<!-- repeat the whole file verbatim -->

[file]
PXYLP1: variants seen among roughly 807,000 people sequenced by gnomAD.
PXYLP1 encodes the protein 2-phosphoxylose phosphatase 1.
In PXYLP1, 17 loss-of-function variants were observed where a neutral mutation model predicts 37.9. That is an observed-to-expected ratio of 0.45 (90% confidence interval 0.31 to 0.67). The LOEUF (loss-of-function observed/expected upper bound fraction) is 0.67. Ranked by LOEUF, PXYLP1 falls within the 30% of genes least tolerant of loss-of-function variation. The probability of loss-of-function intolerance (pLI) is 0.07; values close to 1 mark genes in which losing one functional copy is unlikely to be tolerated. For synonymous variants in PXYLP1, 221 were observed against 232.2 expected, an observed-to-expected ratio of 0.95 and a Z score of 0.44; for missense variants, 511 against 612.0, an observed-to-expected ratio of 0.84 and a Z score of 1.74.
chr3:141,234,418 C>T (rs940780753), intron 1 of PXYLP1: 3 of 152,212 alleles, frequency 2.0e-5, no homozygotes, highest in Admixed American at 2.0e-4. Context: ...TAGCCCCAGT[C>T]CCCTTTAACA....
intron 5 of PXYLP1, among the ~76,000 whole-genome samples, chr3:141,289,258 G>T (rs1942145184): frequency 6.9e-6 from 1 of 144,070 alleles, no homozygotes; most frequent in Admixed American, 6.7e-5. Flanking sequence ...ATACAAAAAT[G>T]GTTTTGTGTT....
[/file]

PXYLP1: variants seen among roughly 807,000 people sequenced by gnomAD.
PXYLP1 encodes the protein 2-phosphoxylose phosphatase 1.
In PXYLP1, 17 loss-of-function variants were observed where a neutral mutation model predicts 37.9. That is an observed-to-expected ratio of 0.45 (90% confidence interval 0.31 to 0.67). The LOEUF (loss-of-function observed/expected upper bound fraction) is 0.67. Ranked by LOEUF, PXYLP1 falls within the 30% of genes least tolerant of loss-of-function variation. The probability of loss-of-function intolerance (pLI) is 0.07; values close to 1 mark genes in which losing one functional copy is unlikely to be tolerated. For synonymous variants in PXYLP1, 221 were observed against 232.2 expected, an observed-to-expected ratio of 0.95 and a Z score of 0.44; for missense variants, 511 against 612.0, an observed-to-expected ratio of 0.84 and a Z score of 1.74.
chr3:141,234,418 C>T (rs940780753), intron 1 of PXYLP1: 3 of 152,212 alleles, frequency 2.0e-5, no homozygotes, highest in Admixed American at 2.0e-4. Context: ...TAGCCCCAGT[C>T]CCCTTTAACA....
intron 5 of PXYLP1, among the ~76,000 whole-genome samples, chr3:141,289,258 G>T (rs1942145184): frequency 6.9e-6 from 1 of 144,070 alleles, no homozygotes; most frequent in Admixed American, 6.7e-5. Flanking sequence ...ATACAAAAAT[G>T]GTTTTGTGTT....